Tattle Tales by Noah: Flat Startles Morton

Staff Writer
Morton Times-News

Pins were flying on all six lanes at Louie Knoll’s bowling alley and a scrumptious burger aroma was oozing from Smitty’s eatery.

It was Baer’s Café and The Grill by day and the bowling alley lunch counter at night. I remember seeing my first jukebox at The Grill and hearing “Sioux City Sue” belted out by the one and only Gene Autry.

Indeed, Al and Jo Schmidgall had a most popular lunch counter and patrons soon noted an affectionate husband-wife team.

Louie and Bob Knoll were the proprietors of a bowling alley success from day one. Bob’s wife, Dorothy, was a heartwarming receptionist who shared the hospitality role with Jo Schmidgall at the lunch counter.

In the 1940s, these two gals assured “success” in Morton’s newest venture.

Doc Buehler was Morton’s only veterinarian and he’d treat anything from mules to a sick dog. His home and business was on North Main about a block from Miller’s flower shop and he was well known as a sportsman about town.

Doc liked to bowl and this writer enjoyed making Peoria Journal drops at his front door.

A school chum (Don Reilly) stood at my side ordering a delectable from Smitty’s grill when the bowling alley door swung open. I saw a look on Lloyd Fort’s face I’ll never forget as he announced that Doc Buehler and his son, John, had just been killed on the Mackinaw blacktop.

It seems they had been down on the Mackinaw River fishing and Doc’s wife had tagged along. About halfway home they encountered a flat tire which was quite common during the war years. Most tires were recapped, which was a new tread applied.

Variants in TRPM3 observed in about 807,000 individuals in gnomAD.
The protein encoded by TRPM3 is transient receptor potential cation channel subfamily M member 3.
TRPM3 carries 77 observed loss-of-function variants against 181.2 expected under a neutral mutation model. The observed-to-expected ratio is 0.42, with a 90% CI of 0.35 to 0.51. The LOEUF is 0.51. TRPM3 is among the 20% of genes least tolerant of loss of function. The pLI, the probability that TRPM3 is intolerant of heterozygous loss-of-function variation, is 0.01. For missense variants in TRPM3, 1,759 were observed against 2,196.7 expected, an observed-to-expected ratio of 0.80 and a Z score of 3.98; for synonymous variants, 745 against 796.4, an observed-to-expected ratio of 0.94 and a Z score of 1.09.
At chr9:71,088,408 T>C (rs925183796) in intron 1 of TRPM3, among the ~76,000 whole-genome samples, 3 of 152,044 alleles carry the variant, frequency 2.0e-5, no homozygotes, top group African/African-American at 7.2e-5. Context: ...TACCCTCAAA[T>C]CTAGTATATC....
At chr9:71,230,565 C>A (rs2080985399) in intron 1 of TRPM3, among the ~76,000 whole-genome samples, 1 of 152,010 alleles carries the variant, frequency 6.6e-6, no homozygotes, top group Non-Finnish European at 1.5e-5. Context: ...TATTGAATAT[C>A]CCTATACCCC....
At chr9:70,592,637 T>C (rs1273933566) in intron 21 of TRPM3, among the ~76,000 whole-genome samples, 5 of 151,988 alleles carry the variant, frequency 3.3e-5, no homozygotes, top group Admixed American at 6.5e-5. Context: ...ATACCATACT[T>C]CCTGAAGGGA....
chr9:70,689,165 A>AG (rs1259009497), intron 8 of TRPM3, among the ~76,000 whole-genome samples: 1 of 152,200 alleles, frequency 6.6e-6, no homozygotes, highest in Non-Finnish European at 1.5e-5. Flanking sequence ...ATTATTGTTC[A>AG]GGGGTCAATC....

It was suppertime so darkness had fallen and both Doc and son, John, were leaning inside the trunk to retrieve a spare tire. Doc’s wife was holding a flashlight and jumped aside when a car rear-ended them. Mrs. Buehler suffered a broken arm.

In Knoll’s alley you could’ve hear a pin drop as activity ended abruptly.

Jokes back in the 30s were targeted at “old maids” and “farmer’s daughters,” two of the least deserving I’d say. Gutter talk was about old maid school teachers or traveling salesmen down on the farm as if “women” were the wretches of the universe.

These weren’t always the kindest of jokes and some were downright rotten.

Back then it was okay for a man to be a bachelor as he was on the prowl for any loose Millie and willing to play the Tarzan role. Morton had bachelors as did neighboring towns, but one who particularly comes to mind was known as yodeling Sam Musselman.

Most everyone knew yodeling Sam as the “musical man” who packed a French harp and squeeze box on his walks about town. Sam made “music” on both instruments but played few renditions of Mozart.

Young and old alike called on Sam to whip out his harp and play Buffalo Gal. Sam was a Morton treasure.

Harley Hasty made U.S. mail drops to Morton dwellings in the late 30s by hanging a leather bag over his shoulder and braving the worst of Illinois weather. Back then nary a man (or beast) could halt a mail drop but TODAY the mail is even stopped on President’s Day.

Mailmen walked in the ole days and fought off biting dogs, yet pretending it didn’t really matter. Who could forget Harley, a handsome clean-cut member of the Hasty family who always had a warm greeting for both kids and grown-ups.

Few (today) have seen door to door mail drops on the hoof.

Harley married young and died young but had an explosive impact on our community. His wife, Doris, could have been a Miss Illinois as she was a gorgeous lady.

Blocks of ice are no longer a door to door delivery and milk products ended shortly thereafter as personal services soon eroded.

Eleanor Getz was a classmate and her family had the only dry cleaning in town making door to door drops of clean garments.

I ask today’s merchants, “how cool was that?”